Currently, careers in science, technology, engineering and math (STEM) grow at three times the rate of non-STEM career pathways. Currently, there are a total of 8.6 million STEM jobs in the U.S. and this is projected to climb. A career in STEM provides future jobseekers with both long-term sustainability in the job market and financial security. The national average wage for all STEM occupations is currently double that of non-STEM. 93% of STEM occupations hold wages significantly above the national average. With the future of STEM expected to grow across all industries, careers in STEM will continue to rise in demand.
STEM jobs going unfilled
However, despite increased demand, 2.4 million STEM jobs are going unfulfilled; largely because STEM education is not readily available for many students. Black and Latinx students continue to be underrepresented in STEM fields — “they earned only 12.5% of all STEM degrees in 2011.” Systemic inequities in education provide barriers for many students.
Schools are unable to provide STEM education programs. Only 16% of American high school students say that they are interested in STEM and test proficient. Schools may recognize the value of STEM, but many find themselves ill-equipped to prepare students for this career pathway. High schools in under-resourced communities, serving predominantly Black and Latinx populations, often experience an acute lack of STEM education.
“The decisions that teachers and leaders at the school, district and state levels make about the importance of physics for their high school students make a tremendous impact on how many students take physics, and therefore how well students are prepared for the rigorous STEM majors in college,” said Paul Cottle, a physicist at Florida State University.
We must bring STEM programs directly to students. We must ensure equitable educational opportunity for all students, developing diverse talent to meet the growing STEM demand.
Introducing the mobile classroom
The solution is MoEx: the mobile classroom. The MoEx Mobile Classroom Career Empowerment Program brings experiential educational training and STEM career development resources to all students, regardless of geographic location and socioeconomic status. In our mobile classroom trailers, students explore the latest in STEM innovations. They provide an exciting augmented/virtual reality (AR/VR) experience for students to explore tomorrow’s careers.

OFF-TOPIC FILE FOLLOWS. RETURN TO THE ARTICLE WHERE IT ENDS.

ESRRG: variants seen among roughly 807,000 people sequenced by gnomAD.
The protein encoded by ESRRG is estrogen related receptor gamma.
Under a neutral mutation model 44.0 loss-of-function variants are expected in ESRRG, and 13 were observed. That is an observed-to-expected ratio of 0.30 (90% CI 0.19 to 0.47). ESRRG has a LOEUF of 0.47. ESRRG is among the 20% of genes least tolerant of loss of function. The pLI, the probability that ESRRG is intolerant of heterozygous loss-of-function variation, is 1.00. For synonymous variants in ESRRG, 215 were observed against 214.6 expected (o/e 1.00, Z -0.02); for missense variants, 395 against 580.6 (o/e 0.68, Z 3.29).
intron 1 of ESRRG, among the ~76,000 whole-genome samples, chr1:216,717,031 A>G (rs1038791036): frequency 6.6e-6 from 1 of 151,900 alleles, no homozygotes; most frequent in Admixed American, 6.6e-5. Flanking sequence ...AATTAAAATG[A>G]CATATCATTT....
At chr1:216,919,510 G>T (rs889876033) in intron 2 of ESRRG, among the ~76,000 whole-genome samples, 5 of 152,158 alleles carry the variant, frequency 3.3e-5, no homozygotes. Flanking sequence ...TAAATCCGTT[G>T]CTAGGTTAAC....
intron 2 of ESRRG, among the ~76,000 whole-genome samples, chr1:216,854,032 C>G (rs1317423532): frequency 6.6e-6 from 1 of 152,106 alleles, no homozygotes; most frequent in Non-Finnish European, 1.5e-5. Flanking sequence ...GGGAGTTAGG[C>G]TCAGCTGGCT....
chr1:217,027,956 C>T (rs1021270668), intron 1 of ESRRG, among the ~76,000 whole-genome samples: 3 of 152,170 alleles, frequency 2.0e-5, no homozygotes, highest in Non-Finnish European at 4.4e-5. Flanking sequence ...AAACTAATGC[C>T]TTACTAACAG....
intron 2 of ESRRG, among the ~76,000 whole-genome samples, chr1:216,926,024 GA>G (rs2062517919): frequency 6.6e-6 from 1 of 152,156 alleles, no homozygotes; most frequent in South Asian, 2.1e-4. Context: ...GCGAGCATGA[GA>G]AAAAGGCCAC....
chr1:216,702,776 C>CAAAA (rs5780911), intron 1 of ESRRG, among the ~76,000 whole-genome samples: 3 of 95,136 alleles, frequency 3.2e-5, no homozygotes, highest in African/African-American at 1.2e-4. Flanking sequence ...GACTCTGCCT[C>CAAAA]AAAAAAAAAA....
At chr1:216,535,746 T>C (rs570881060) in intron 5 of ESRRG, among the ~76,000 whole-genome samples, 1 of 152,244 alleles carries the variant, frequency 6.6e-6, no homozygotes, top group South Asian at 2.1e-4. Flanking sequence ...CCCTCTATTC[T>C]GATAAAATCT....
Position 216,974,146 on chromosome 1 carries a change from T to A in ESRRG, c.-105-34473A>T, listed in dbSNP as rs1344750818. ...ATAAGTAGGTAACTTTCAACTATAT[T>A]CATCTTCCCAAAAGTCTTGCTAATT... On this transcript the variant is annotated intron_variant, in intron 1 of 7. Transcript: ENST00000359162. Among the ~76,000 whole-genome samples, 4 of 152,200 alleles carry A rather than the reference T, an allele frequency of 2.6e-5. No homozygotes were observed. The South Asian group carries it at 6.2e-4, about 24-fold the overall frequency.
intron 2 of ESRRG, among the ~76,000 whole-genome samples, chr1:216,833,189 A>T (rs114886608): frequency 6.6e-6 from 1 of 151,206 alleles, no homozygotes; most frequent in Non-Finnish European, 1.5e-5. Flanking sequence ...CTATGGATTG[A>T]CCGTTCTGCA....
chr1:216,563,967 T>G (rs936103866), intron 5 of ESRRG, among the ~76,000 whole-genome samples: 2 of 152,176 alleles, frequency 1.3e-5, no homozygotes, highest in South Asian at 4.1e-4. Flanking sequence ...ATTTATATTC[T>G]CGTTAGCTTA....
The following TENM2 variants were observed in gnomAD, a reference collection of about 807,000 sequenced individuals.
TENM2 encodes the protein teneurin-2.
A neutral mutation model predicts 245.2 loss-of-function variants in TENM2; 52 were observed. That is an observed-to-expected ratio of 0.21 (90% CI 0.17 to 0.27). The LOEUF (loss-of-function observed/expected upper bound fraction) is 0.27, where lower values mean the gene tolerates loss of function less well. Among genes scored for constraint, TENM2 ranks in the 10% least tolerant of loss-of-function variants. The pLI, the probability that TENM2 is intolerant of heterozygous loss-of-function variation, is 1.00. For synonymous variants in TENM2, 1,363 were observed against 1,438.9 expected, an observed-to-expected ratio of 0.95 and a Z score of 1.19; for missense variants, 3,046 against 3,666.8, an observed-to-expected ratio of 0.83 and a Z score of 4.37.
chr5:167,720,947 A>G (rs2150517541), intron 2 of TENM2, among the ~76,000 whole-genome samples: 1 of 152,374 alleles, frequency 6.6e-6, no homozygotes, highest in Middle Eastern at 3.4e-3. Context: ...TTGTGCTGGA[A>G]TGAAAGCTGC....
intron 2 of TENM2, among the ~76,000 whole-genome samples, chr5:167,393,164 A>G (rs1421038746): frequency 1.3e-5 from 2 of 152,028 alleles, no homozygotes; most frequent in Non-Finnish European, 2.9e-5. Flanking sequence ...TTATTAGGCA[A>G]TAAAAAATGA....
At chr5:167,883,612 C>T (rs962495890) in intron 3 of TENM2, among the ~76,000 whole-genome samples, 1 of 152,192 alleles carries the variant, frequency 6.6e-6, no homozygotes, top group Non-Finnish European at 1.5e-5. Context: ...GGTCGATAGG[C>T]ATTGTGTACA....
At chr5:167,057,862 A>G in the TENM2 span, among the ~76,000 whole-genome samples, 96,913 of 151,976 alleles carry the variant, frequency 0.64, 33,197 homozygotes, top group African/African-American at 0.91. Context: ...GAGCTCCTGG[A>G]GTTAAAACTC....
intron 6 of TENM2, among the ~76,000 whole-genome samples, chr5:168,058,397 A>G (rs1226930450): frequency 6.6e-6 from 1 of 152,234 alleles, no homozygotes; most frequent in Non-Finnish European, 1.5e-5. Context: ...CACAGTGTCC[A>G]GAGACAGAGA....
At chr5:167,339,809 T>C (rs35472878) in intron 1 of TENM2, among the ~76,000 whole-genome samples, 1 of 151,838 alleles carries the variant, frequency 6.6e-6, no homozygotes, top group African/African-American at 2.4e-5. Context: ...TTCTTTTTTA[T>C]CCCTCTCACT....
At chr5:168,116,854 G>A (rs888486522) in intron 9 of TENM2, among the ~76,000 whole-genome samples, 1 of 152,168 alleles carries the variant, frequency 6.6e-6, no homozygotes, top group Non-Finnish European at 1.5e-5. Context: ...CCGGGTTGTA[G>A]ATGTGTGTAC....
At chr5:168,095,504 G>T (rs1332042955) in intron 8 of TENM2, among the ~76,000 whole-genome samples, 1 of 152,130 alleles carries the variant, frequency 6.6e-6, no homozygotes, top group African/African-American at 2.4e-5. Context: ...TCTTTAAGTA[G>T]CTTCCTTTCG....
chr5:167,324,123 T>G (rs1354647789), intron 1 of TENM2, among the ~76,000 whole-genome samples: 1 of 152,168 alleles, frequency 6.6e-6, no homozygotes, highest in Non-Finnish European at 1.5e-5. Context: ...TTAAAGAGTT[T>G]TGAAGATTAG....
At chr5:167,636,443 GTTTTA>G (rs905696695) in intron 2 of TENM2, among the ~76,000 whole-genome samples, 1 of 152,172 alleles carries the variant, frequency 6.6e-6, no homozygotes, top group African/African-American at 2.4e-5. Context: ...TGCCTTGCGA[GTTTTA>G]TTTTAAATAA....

With a go-mobile education model, MoEx ensures that all students nationwide may gain equitable access to career pathways of their choosing. We prepare students for the jobs of the future. The MoEx program provides students with access to the latest in AR/VR technology that not only engages students in the excitement of STEM-related career opportunities, but also provides direct career assessment tools and access to local pathways.
Connecting students with local industry
What happens after students attend the mobile classroom? MoEx builds the critical connection between education and business, engaging students with real and localized opportunities. The MoEx program, an educational STEM training platform, connects students directly with industries hiring in their own backyard. The result? Students have equal access to STEM careers and direct pathways to achieve them.
The future is mobile — are you ready?
Bring MoEx to your community! The MoEx program officially launches across the nation in Spring 2021. We are actively seeking change makers and leaders in education and business to join us in our mission. Together, we will inspire students. Together, we can build a better future for our students and ensure that all students have equitable access to careers in STEM. Learn more. Or contact us for information about becoming a partner or pilot school.
Meredith Staudenraus is co-founder of MoEx. Email her.